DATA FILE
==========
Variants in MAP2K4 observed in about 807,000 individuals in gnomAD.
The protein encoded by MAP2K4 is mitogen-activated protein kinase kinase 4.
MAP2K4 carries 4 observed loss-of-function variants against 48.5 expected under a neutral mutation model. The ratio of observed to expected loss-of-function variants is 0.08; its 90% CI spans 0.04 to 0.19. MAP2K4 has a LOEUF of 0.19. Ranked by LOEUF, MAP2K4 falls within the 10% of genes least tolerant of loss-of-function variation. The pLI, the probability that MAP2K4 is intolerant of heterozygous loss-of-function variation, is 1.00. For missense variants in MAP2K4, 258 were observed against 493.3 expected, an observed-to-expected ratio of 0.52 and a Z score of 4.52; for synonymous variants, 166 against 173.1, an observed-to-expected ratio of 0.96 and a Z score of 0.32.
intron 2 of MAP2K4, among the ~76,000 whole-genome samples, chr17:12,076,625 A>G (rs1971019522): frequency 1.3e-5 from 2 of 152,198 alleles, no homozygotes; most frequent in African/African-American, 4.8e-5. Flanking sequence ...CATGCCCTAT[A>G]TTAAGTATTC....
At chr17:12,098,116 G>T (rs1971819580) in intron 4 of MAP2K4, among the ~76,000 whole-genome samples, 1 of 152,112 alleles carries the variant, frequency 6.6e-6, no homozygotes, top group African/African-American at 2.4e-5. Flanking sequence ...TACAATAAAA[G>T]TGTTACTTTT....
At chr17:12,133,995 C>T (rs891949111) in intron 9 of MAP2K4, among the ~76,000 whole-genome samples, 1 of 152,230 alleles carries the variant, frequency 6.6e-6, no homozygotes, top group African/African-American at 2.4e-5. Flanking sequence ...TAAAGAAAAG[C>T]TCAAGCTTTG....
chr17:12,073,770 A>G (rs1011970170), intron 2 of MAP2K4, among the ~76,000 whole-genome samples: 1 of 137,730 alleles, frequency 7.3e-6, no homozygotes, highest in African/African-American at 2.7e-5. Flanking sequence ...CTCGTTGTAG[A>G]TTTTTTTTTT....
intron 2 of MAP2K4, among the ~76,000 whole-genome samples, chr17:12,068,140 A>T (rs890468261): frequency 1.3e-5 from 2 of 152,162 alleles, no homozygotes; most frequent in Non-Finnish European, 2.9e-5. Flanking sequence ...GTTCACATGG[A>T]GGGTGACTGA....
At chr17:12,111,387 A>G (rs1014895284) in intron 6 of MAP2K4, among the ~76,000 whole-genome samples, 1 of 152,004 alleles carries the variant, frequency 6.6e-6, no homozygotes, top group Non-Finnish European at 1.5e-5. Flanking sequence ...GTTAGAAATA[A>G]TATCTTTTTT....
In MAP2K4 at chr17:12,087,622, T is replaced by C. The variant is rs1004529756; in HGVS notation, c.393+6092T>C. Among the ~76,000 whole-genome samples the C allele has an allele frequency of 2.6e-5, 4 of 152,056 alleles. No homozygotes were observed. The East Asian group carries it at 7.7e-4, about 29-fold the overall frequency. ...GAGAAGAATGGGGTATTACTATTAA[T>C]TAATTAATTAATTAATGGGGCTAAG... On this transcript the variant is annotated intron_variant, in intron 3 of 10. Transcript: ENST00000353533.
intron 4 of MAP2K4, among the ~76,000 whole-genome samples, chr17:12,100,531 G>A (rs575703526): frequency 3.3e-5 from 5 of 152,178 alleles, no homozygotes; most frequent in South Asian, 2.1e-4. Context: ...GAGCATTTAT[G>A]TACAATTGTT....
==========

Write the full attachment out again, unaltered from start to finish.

Variants in MAP2K4 observed in about 807,000 individuals in gnomAD.
The protein encoded by MAP2K4 is mitogen-activated protein kinase kinase 4.
MAP2K4 carries 4 observed loss-of-function variants against 48.5 expected under a neutral mutation model. The ratio of observed to expected loss-of-function variants is 0.08; its 90% CI spans 0.04 to 0.19. MAP2K4 has a LOEUF of 0.19. Ranked by LOEUF, MAP2K4 falls within the 10% of genes least tolerant of loss-of-function variation. The pLI, the probability that MAP2K4 is intolerant of heterozygous loss-of-function variation, is 1.00. For missense variants in MAP2K4, 258 were observed against 493.3 expected, an observed-to-expected ratio of 0.52 and a Z score of 4.52; for synonymous variants, 166 against 173.1, an observed-to-expected ratio of 0.96 and a Z score of 0.32.
intron 2 of MAP2K4, among the ~76,000 whole-genome samples, chr17:12,076,625 A>G (rs1971019522): frequency 1.3e-5 from 2 of 152,198 alleles, no homozygotes; most frequent in African/African-American, 4.8e-5. Flanking sequence ...CATGCCCTAT[A>G]TTAAGTATTC....
At chr17:12,098,116 G>T (rs1971819580) in intron 4 of MAP2K4, among the ~76,000 whole-genome samples, 1 of 152,112 alleles carries the variant, frequency 6.6e-6, no homozygotes, top group African/African-American at 2.4e-5. Flanking sequence ...TACAATAAAA[G>T]TGTTACTTTT....
At chr17:12,133,995 C>T (rs891949111) in intron 9 of MAP2K4, among the ~76,000 whole-genome samples, 1 of 152,230 alleles carries the variant, frequency 6.6e-6, no homozygotes, top group African/African-American at 2.4e-5. Flanking sequence ...TAAAGAAAAG[C>T]TCAAGCTTTG....
chr17:12,073,770 A>G (rs1011970170), intron 2 of MAP2K4, among the ~76,000 whole-genome samples: 1 of 137,730 alleles, frequency 7.3e-6, no homozygotes, highest in African/African-American at 2.7e-5. Flanking sequence ...CTCGTTGTAG[A>G]TTTTTTTTTT....
intron 2 of MAP2K4, among the ~76,000 whole-genome samples, chr17:12,068,140 A>T (rs890468261): frequency 1.3e-5 from 2 of 152,162 alleles, no homozygotes; most frequent in Non-Finnish European, 2.9e-5. Flanking sequence ...GTTCACATGG[A>T]GGGTGACTGA....
At chr17:12,111,387 A>G (rs1014895284) in intron 6 of MAP2K4, among the ~76,000 whole-genome samples, 1 of 152,004 alleles carries the variant, frequency 6.6e-6, no homozygotes, top group Non-Finnish European at 1.5e-5. Flanking sequence ...GTTAGAAATA[A>G]TATCTTTTTT....
In MAP2K4 at chr17:12,087,622, T is replaced by C. The variant is rs1004529756; in HGVS notation, c.393+6092T>C. Among the ~76,000 whole-genome samples the C allele has an allele frequency of 2.6e-5, 4 of 152,056 alleles. No homozygotes were observed. The East Asian group carries it at 7.7e-4, about 29-fold the overall frequency. ...GAGAAGAATGGGGTATTACTATTAA[T>C]TAATTAATTAATTAATGGGGCTAAG... On this transcript the variant is annotated intron_variant, in intron 3 of 10. Transcript: ENST00000353533.
intron 4 of MAP2K4, among the ~76,000 whole-genome samples, chr17:12,100,531 G>A (rs575703526): frequency 3.3e-5 from 5 of 152,178 alleles, no homozygotes; most frequent in South Asian, 2.1e-4. Context: ...GAGCATTTAT[G>A]TACAATTGTT....